+ 3

# Javascript NaN

var a = 10 + null; var b = 10 + undefined; console.log(a+ " " + b); // outputs 10 NaN From what I can see, only the string (represented by " ") is not a number... So why isn't the output 10 NaN 10? What happened to the 10 in var b?

19th Aug 2020, 9:29 PM
Solus
2 ответов
+ 9
null is an object that represents a nothing value where undefined is a type. null when used is mathematical operations is treated like the value 0. So for 10 + null is equivalent to 10 + 0, which is equal to the value 10. Where undefined is of a different type than a number. When you try to perform a mathematical operation with undefined it cannot be coerced to a different type or a number type in this case so the result of the operation cannot be evaluated and returns "Not a Number" NaN. https://codeburst.io/understanding-null-undefined-and-nan-b603cb74b44c https://stackoverflow.com/questions/25799408/javascript-null-and-plus-operatior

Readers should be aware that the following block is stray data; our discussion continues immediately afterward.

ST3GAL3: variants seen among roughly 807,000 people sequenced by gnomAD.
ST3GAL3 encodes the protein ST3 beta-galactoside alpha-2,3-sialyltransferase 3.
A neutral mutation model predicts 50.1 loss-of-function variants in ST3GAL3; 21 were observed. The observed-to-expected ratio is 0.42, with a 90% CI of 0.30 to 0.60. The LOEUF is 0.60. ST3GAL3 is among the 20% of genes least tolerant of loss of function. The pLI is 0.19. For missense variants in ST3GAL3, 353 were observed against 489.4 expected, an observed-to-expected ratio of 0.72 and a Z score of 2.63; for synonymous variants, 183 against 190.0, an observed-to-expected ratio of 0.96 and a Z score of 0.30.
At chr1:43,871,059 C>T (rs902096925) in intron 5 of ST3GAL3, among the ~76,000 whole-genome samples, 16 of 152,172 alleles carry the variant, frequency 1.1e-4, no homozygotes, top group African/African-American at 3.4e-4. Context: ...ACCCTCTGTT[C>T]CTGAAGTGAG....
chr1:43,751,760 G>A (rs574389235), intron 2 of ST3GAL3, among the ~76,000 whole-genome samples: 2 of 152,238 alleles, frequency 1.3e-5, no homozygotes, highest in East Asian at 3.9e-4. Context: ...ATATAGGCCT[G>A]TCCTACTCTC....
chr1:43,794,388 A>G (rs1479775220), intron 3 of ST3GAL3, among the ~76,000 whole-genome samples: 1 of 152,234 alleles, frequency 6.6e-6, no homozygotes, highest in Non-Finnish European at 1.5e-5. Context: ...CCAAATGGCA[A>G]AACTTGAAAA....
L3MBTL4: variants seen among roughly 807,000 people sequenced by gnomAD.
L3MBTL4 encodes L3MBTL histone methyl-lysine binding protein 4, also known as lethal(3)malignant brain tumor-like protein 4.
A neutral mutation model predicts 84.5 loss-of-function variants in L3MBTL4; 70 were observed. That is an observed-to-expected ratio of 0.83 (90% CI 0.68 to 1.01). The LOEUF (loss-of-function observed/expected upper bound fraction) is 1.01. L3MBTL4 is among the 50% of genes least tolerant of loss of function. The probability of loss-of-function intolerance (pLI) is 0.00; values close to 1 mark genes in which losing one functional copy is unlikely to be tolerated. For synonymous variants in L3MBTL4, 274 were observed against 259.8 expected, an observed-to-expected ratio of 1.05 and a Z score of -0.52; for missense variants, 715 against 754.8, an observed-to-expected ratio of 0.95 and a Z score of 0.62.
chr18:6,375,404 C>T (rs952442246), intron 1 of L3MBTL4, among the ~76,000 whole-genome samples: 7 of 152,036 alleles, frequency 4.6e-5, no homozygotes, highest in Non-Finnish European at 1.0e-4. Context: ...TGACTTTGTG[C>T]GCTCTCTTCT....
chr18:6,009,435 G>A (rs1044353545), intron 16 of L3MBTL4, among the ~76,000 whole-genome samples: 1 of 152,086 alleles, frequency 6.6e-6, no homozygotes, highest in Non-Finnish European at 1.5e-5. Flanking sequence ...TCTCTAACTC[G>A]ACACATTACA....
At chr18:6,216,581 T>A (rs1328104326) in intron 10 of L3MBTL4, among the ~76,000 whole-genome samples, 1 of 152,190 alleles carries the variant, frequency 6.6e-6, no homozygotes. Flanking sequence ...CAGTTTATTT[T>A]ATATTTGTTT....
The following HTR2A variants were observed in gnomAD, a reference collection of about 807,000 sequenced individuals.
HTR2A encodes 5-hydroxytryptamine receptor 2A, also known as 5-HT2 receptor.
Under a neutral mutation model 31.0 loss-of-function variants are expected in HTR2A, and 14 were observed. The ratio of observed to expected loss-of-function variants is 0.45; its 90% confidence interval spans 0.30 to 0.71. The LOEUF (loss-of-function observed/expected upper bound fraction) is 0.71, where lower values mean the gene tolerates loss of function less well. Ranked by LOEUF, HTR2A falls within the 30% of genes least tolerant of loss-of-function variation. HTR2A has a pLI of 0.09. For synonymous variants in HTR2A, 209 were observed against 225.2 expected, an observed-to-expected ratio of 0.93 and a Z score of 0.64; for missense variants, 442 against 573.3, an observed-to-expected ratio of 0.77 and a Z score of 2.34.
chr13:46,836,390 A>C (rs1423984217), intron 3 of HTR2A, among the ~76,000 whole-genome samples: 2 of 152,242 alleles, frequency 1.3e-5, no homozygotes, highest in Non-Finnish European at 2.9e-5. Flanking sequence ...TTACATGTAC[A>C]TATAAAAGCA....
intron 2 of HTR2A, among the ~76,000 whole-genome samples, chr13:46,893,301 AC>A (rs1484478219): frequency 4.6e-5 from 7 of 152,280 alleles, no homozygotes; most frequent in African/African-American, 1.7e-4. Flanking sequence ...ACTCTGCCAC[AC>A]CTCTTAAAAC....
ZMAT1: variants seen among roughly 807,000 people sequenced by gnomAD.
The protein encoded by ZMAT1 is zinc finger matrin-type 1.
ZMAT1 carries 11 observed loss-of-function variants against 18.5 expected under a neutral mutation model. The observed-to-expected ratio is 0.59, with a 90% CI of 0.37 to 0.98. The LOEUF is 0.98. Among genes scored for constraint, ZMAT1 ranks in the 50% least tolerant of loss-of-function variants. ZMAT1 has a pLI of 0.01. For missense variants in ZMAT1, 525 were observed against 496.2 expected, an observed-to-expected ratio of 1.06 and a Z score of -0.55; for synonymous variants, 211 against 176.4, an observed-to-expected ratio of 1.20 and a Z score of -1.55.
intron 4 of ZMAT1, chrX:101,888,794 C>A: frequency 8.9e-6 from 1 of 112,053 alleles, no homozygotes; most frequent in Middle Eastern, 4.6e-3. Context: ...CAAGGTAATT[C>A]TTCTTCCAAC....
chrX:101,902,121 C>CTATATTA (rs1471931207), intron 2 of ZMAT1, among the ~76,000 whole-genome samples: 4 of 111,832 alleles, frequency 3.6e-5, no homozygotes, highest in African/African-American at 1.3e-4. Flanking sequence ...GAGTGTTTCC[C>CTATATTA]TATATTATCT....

19th Aug 2020, 9:50 PM
ChaoticDawg
+ 4
ChaoticDawg The first article does a good job for the most part, but might fall short with some of the explanations. I may post some feedback later to the author to help fill in the gaps later. The two main answers in the 2nd link were fantastic. Thanks for sharing those links. 👌 ---- Solus Building on the explanation by @ChaoticDawg, I'd like to respond to your stated questions: 1. So why isn't the output 10 NaN 10? It might help to see the code rewritten to reflect the evaluated expressions up to the console.log(...) line: var a = 10; //10 + null as a number var b = NaN; // 10 + undefined Now... putting the above together: console.log(10 + " " + NaN); // outputs 10 NaN 2. What happened to the 10 in var b? The var b never received the value 10. b was assigned NaN.
20th Aug 2020, 2:00 AM
David Carroll
Актуальное сегодня
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